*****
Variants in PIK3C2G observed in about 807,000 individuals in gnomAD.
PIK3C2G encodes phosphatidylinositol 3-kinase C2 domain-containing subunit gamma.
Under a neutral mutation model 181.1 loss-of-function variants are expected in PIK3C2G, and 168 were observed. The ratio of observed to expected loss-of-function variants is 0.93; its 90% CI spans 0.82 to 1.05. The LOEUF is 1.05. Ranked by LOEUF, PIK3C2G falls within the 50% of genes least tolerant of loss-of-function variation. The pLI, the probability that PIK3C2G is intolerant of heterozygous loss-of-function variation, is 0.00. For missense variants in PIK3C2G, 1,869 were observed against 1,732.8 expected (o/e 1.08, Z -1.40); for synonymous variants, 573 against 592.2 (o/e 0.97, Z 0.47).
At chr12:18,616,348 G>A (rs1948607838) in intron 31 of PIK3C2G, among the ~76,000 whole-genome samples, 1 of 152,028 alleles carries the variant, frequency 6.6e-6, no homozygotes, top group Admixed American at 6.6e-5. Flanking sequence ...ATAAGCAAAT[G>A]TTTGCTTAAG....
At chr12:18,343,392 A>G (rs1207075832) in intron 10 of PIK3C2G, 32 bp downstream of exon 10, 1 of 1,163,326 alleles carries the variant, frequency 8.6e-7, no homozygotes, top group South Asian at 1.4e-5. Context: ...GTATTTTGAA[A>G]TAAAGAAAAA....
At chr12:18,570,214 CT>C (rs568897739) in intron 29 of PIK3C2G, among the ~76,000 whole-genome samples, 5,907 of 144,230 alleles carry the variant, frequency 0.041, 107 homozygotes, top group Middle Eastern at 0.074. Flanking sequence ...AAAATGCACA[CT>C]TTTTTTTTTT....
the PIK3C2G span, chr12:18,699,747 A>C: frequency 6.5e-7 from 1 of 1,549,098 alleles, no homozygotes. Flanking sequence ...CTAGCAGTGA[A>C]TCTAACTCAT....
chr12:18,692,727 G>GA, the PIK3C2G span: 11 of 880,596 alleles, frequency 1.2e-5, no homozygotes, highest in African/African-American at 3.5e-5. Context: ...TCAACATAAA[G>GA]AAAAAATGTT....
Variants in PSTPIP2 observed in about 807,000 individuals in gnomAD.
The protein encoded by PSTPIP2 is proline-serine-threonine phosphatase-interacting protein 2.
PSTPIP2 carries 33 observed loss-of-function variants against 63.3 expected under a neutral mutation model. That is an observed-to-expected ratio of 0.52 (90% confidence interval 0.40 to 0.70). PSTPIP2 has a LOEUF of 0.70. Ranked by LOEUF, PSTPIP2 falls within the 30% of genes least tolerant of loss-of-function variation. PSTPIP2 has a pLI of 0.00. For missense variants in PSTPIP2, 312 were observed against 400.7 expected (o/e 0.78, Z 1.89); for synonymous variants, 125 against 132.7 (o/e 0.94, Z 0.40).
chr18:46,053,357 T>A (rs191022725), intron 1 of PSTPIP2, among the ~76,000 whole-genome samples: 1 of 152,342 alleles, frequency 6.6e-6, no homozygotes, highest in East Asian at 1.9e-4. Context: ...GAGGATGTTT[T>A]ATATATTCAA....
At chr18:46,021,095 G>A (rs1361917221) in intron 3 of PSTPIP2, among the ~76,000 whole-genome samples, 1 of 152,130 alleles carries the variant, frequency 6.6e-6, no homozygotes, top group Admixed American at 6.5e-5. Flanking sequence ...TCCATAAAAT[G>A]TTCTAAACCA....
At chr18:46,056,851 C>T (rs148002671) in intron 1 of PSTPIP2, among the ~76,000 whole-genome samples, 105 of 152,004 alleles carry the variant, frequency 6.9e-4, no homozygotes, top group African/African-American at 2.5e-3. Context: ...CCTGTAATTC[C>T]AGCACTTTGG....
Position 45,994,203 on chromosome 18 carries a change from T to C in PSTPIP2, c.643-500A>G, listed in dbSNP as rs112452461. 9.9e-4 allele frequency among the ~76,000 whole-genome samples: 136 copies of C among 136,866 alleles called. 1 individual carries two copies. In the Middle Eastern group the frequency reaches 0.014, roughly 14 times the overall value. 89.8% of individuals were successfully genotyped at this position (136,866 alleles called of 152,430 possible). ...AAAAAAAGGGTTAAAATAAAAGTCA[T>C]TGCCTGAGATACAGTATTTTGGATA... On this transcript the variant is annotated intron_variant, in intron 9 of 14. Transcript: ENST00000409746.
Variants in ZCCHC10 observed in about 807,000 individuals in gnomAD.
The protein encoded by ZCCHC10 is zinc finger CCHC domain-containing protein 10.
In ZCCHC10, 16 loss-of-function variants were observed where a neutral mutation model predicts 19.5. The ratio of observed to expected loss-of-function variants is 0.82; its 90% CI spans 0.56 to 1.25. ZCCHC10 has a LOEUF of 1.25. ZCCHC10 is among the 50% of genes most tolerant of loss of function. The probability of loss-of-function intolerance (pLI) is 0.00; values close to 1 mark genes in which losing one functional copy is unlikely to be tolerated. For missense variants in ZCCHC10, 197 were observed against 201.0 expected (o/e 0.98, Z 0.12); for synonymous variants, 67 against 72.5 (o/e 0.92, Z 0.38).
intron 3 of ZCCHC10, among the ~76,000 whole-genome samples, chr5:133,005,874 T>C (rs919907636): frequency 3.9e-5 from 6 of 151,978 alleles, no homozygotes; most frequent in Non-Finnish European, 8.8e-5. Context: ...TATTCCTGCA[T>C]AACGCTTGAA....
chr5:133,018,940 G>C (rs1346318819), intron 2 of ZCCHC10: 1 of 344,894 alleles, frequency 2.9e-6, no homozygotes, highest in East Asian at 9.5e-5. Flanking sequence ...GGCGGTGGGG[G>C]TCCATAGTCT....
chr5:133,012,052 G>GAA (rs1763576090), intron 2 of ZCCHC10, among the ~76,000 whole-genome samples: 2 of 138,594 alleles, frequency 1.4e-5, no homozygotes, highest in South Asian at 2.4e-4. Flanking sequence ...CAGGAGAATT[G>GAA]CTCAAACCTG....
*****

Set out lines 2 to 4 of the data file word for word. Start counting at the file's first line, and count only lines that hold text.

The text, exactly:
PIK3C2G encodes phosphatidylinositol 3-kinase C2 domain-containing subunit gamma.
Under a neutral mutation model 181.1 loss-of-function variants are expected in PIK3C2G, and 168 were observed. The ratio of observed to expected loss-of-function variants is 0.93; its 90% CI spans 0.82 to 1.05. The LOEUF is 1.05. Ranked by LOEUF, PIK3C2G falls within the 50% of genes least tolerant of loss-of-function variation. The pLI, the probability that PIK3C2G is intolerant of heterozygous loss-of-function variation, is 0.00. For missense variants in PIK3C2G, 1,869 were observed against 1,732.8 expected (o/e 1.08, Z -1.40); for synonymous variants, 573 against 592.2 (o/e 0.97, Z 0.47).
At chr12:18,616,348 G>A (rs1948607838) in intron 31 of PIK3C2G, among the ~76,000 whole-genome samples, 1 of 152,028 alleles carries the variant, frequency 6.6e-6, no homozygotes, top group Admixed American at 6.6e-5. Flanking sequence ...ATAAGCAAAT[G>A]TTTGCTTAAG....